This article is part of our FanDuel MLB series.
July 4th's main slate features only four games, so it's not inconceivable you could enter a multi-entry tournament that stacks all eight teams separately and hope for the best. The game times are spread out enough that unless you're playing the full day slate, you'll be limited to three or four games in all of your gaming options.
The limited slate doesn't lend itself to a limited number of arms, as we've got choices. Cash game lineups are going to heavily gravitate to Hyun-Jin Ryu ($10,800), who - outside of Coors Field - has allowed two or fewer runs in every start this year. That's given him a floor of 31 FDP, save for an early exit in April. Mix in a Padres' 25.6 percent strikeout rate, and there appears to be no warning signs.
Lance Lynn ($9,300) is the clear GPP pivot. The Angels aren't a targetable offense, striking out a league-low 16.6 percent of the time. But nothing about Lynn has been targetable all year, and he continues to defy logic. He's been worth 30 or more FDP in 10 straight and 11 of 12, topping 40 points nine times during that stretch. He enters with a 3.87 xFIP at Globe Life Park and despite his success, his name recognition - or lack thereof - may have casual managers simply overlooking his appeal.
Mike Soroka ($8,800) is absolutely in play. A lazy look shows nine-point outings in two of his last four, but one was caused by a hit by pitch to his right forearm. He's really only experienced one bad outing all year. And at 2k less than Ryu, there's plenty of appeal with the flexibility he provides to your offense despite the Phillies representing a top-11 offense against righties.
With Marcus Stroman ($7,100) not certain to start due to a pec issue, I'm not sure I want to gamble much below Griffin Canning ($8,000), whose 19 FDP floor is still more than 2x value. He held the Rangers to one run while fanning five over as many innings earlier in the year. And while the Rangers do rank fifth with a .338 wOBA against righties, they also strike out 24.2 percent of the time.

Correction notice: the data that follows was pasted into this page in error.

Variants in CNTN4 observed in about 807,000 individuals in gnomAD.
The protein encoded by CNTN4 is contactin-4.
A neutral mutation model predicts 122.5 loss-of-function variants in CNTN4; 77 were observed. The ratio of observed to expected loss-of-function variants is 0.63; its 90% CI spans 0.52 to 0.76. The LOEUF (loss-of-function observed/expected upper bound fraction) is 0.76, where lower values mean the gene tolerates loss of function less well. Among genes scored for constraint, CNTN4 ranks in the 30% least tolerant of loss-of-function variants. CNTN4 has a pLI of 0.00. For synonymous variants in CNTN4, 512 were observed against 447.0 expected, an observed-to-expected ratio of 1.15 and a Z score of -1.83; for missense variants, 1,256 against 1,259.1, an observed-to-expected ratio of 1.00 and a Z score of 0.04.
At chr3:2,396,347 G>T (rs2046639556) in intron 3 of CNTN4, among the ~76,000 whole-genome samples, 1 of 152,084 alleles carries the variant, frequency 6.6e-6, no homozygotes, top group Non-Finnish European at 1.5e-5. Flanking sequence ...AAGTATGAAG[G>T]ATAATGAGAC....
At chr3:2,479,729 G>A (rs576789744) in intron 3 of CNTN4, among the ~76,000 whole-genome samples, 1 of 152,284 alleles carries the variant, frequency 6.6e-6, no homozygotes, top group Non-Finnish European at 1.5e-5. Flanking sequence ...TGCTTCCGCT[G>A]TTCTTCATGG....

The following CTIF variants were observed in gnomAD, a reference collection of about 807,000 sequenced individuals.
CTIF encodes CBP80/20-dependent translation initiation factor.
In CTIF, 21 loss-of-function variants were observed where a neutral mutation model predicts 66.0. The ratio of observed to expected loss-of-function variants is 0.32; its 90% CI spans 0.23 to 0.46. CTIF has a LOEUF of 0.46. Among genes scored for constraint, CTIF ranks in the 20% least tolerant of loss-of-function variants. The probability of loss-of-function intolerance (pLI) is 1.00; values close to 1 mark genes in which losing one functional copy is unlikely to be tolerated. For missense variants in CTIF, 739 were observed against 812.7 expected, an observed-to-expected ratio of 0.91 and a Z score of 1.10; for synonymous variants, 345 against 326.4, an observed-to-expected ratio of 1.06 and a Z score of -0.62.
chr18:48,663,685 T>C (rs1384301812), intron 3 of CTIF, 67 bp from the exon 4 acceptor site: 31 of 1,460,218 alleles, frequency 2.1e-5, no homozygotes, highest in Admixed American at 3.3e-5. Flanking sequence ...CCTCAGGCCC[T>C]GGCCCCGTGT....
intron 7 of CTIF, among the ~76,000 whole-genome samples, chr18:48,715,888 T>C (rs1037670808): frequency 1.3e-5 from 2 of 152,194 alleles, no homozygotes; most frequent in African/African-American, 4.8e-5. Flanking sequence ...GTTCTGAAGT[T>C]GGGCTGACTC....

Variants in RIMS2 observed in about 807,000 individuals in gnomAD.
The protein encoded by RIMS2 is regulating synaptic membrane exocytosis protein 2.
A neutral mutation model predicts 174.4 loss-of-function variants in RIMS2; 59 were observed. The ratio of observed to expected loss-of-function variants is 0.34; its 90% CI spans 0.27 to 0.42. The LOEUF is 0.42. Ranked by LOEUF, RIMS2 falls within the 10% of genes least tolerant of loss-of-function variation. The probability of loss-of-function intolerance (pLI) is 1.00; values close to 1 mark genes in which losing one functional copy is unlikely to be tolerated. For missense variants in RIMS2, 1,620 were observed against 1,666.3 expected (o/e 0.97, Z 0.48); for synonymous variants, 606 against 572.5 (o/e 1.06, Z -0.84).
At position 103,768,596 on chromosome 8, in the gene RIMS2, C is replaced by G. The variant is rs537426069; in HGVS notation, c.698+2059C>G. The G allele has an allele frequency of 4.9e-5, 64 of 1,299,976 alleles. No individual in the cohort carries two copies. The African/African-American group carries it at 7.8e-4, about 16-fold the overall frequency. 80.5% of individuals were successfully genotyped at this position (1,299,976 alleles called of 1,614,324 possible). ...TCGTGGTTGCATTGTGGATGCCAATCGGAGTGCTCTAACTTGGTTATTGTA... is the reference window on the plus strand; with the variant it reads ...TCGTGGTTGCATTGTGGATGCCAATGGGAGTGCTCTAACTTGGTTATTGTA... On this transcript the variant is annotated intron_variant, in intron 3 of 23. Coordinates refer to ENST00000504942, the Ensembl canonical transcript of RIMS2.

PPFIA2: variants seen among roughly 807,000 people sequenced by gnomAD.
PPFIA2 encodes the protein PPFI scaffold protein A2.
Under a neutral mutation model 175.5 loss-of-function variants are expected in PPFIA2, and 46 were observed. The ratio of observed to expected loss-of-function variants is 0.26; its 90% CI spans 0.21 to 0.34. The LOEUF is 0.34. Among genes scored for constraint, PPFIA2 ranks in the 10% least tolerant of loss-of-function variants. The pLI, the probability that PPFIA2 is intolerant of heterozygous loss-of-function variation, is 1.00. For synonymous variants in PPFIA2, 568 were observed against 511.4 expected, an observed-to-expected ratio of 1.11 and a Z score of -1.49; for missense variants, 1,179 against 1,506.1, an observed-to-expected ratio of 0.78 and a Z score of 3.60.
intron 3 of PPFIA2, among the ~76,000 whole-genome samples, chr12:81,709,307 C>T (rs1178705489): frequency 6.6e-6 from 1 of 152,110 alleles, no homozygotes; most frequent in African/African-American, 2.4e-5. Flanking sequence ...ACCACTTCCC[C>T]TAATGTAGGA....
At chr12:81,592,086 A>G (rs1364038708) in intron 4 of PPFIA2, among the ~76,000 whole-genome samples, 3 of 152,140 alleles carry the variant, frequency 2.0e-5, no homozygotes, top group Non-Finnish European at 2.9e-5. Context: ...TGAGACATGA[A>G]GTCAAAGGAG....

Boston bats are the clear target on this slate, and I'm not sure it matters whether the aforementioned Stroman actually takes the hill. He's held the Red Sox to one run over 12 frames this year, but has allowed 10 hits and seven walks over that span. Pair that with 28 runs, 56 hits and 17 walks over 45.2 innings across the last three years against Boston, and he's flirting with disaster. Xander Bogaerts ($4,200) has proven to be Stroman's nemesis, going 11-of-36 with two homers in his career. The bats here are largely cost-prohibitive - especially when paying for a top arm - but there's plenty of room for adjustment if and when the Jays announce Stroman's (likely) replacement.
Philly's Zach Eflin ($8,400) looks like the most vulnerable of the top pitching options. Freddie Freeman ($4,400) is almost always a cash game mainstay, and brings a .412 wOBA and 154 wRC+ against righties to the table here. As a Braves' fan, I personally can't stand Nick Markakis ($3,100) playing virtually every night, but his .362 wOBA plays well on this slate at a discount. He hit the ball hard Wednesday and was unlucky, and Eflin fares marginally worse against lefties. Ozzie Albies ($3,300) remains a personal favorite. He's known to struggle as a left-handed hitter, but has posted a .369 wOBA, 126 wRC+, 42.6 percent hard-hit rate and just a 14.1 percent K rate. He doubled twice Wednesday and boasts four double-digit FDP outings in his last seven.
Dodgers' bats figure to be trendy against Dinelson Lamet ($5,500), who will be making his season debut after missing all of 2018 following Tommy John surgery. The Dodgers as a team sport a second-ranked .348 wOBA against righties and fan only 19.4 percent of the time. That figures to make the likes of Cody Bellinger ($4,700) and Max Muncy ($3,800) attractive, while Alex Verdugo ($3,500) and Joc Pederson ($3,400) offer a little savings. Lamet did own a 28.2 percent strikeout rate in 2017, and 32.2 percent K rate during his rehab outings. This isn't the spot to exploit that, but he's worth remembering and could easily return 3-4x value if he doesn't combust. I think I just talked myself into a small GPP fade on the Dodgers, and minimal Lamet shares.
Blue Jays vs. Rick Porcello (Red Sox)
Porcello has allowed 11 runs over his last 6.1 frames and four or more runs in four of his last six starts. As such, he looks ripe for the picking against a less-than-stellar Jays' offense. All three of these options have posted a .381 or .382 wOBA against righties, and a 141 or 142 wRC+. Gurriel's .264 ISO comes in as the lowest of the three. And while Smoak is in a funk, he's taken Procello deep five times in 43 at bats - essentially, once every eight attempts and/or once every other game.
Phillies vs. Mike Soroka (Braves)
With the limited slate, GPP players are forced to go against the grain. The Phillies' offense is better than the Angels, so we'll target them against a top arm in Soroka and hope for the best. Kingery represents the cheapest and presents the best with a .394 wOBA, 145 wRC+ and .267 ISO against righties. Hoskins goes .386/139/.259, while Bruce sports a .363/124/.333 slash line. It's definitely a dart throw, but likely a low-owned, high-potential one.